Lynn Gehl, Ph.D., is an Algonquin Anishinaabe-kwe. She is an advocate, artist, writer, and an outspoken critic of colonial law and policies that harm Indigenous women, men, children, and the land. Her 2014 book based on her doctoral work “The Truth that Wampum Tells: My Debwewin on the Algonquin Land Claims Process” was published with Fernwood Publishing. Her 2017 book explores her journey deeper into Indigenous knowledge and was published with the University of Regina Press titled “Claiming Anishinaabe: Decolonizing the Human Spirit”. In April 2017 Lynn was successful in defeating Indian and Northern Affairs Canada’s unstated paternity policy when the Court of Appeal for Ontario ruled the sex discrimination in the policy was unreasonable.

Claiming Anishinaabe: Decolonizing the Human Spirit published with the University of Regina Press is rooted in my need to understand Indigenous knowledge (IK) in an intellectual sense as well as in a heartfull way.  Foremost it offers my journey deeper into IK and the articulation of the location of the human spirit.

The book is organized in four parts with several chapters in each.  Some chapters are long and some short.  Throughout there are glyph drawings that will serve the thinking and learning journey.  In the first part I talk about myself.  I do this because in the Anishinaabe tradition it is valued that knowledge is subjective and personal.  In short, we, or ourselves, are the frameworks of what we come to know as truth.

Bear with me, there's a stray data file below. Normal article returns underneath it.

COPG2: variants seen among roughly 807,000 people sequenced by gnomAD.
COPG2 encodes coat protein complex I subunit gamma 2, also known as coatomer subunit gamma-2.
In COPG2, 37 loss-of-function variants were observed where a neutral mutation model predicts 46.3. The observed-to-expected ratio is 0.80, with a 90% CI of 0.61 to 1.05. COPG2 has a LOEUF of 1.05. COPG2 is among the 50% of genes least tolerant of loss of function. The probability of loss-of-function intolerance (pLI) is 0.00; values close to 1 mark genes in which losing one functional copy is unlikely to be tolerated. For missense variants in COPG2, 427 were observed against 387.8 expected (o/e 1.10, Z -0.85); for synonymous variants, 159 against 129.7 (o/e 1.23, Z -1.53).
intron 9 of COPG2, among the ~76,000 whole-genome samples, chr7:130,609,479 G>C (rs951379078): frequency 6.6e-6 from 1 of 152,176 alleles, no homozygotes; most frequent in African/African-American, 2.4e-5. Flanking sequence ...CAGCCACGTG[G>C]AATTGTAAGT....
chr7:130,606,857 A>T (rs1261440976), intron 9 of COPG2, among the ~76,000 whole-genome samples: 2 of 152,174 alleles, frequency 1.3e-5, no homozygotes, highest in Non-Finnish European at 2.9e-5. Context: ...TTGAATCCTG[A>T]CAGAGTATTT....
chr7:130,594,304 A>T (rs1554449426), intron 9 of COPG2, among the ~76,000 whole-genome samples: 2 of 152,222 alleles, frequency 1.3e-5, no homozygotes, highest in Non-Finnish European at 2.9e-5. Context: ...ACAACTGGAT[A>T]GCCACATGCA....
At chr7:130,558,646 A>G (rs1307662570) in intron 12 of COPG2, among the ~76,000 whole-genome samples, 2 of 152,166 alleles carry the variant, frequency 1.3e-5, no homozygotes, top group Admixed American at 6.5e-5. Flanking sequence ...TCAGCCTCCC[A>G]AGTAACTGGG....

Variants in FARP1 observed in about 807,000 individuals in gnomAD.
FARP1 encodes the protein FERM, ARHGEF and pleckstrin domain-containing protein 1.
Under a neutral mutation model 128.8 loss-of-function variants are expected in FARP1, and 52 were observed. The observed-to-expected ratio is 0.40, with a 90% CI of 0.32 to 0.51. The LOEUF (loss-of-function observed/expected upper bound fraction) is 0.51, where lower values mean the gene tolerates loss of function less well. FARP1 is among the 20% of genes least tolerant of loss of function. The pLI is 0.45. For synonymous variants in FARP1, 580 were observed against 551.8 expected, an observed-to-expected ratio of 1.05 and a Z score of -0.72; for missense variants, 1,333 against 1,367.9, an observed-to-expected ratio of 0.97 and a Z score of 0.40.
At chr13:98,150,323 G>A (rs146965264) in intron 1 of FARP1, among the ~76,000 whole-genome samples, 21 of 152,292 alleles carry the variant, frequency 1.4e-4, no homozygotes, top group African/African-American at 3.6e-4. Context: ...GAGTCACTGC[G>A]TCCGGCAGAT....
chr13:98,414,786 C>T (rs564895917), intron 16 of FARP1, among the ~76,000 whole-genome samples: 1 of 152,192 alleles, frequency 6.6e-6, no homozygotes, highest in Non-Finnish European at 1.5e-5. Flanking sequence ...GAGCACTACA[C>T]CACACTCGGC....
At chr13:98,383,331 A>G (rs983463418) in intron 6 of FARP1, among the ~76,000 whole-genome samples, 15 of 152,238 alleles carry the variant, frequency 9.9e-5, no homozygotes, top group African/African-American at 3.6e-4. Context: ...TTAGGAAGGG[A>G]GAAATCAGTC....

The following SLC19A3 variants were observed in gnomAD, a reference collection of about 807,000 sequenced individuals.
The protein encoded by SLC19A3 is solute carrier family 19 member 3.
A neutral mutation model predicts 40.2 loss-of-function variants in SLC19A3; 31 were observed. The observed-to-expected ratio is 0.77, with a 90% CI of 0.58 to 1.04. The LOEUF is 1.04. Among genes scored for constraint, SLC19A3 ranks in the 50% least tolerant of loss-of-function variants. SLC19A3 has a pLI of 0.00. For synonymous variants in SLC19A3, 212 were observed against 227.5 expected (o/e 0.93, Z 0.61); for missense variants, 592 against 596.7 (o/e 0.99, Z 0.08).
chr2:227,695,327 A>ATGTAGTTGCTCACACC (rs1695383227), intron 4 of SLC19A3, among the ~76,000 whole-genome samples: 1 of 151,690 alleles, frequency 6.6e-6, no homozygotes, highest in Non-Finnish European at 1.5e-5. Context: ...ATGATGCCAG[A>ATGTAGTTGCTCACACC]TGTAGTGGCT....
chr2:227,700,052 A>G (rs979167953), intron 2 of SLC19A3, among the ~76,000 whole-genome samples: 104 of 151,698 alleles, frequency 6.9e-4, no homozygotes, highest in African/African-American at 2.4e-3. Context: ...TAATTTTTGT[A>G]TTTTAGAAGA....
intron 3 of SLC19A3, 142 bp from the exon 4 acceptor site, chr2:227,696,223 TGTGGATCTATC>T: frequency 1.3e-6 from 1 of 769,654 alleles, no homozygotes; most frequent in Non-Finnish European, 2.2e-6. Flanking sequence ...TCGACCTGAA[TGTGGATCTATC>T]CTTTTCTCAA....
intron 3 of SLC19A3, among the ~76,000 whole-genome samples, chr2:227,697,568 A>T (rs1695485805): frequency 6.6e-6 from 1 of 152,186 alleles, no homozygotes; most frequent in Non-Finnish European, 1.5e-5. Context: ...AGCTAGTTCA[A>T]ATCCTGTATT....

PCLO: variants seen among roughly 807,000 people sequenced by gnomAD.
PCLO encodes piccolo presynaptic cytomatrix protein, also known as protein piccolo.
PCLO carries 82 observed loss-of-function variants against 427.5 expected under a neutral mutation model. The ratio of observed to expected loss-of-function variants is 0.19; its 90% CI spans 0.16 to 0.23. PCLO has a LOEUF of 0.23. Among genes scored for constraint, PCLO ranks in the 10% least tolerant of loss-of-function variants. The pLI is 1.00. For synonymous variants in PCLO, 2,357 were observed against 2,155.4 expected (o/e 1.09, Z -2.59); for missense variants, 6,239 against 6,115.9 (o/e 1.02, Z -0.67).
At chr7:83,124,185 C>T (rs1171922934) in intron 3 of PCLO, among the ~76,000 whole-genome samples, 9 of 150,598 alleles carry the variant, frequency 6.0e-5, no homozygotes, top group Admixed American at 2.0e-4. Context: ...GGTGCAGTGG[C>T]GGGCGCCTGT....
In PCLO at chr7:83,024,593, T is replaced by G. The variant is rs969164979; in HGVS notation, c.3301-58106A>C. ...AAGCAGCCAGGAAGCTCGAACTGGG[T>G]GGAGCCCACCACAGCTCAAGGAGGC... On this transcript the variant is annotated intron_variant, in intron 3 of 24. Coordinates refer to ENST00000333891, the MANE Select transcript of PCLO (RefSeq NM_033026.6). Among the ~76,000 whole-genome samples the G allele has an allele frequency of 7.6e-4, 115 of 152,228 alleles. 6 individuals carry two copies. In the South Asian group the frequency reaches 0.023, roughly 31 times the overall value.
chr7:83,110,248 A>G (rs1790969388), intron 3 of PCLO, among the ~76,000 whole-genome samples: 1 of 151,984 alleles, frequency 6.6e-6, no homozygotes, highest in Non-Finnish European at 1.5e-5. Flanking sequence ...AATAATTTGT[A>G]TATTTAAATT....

The second part requires conceptual thinking and in this way reading Claiming Anishinaabe is more of a journey rather than the reader being a passive vessel adding to their stock of knowledge.  It offers three theories: the location of the human spirit; how IK differs from Western laboratory science; and the debwewin journey methodology of coming to truth.  In offering my thoughts I rely on ancient Anishinaabe scroll knowledge.  I also talk about the difference between Indigenist and feminist paradigms where again conceptual thought on the part of the reader is required.

The third part offers what I call traditional stories in that they are rooted in Anishinaabe beliefs.  Some are my reflections on stories that I have been fortunate to learn, hear, and read.  Some are my own stories written after spiritual animating experiences, where others are my deep thoughts on something that I pondered for a long time.  Collectively they represent the knowledge I moved into when seeking out IK and thinking about the location of the human spirit.  The chapters in this part are important but the reader will only understand this once they take the time and ponder the concepts in the first half of the book.

The fourth part offers my anti-colonial work rooted in the IK and the Indigenist tradition.  I discuss the destruction of Chaudière Falls and the Islands where Creator placed the First Sacred Pipe, my work challenging the sex discrimination in the Indian Act, and Indigenous citizenship issues.

It is hoped that this work inspires people to appreciate their IK as it is our ancient knowledge traditions that make us the humans Creator intended us to be.  We are all Indigenous to the Earth and we all need to ask ourselves, “What is my Indigenous knowledge?” because nation state knowledge will not sustain us in terms of Mother Earth and the gifts She provides.

Link: The Current CBC

2017 Indies Finalist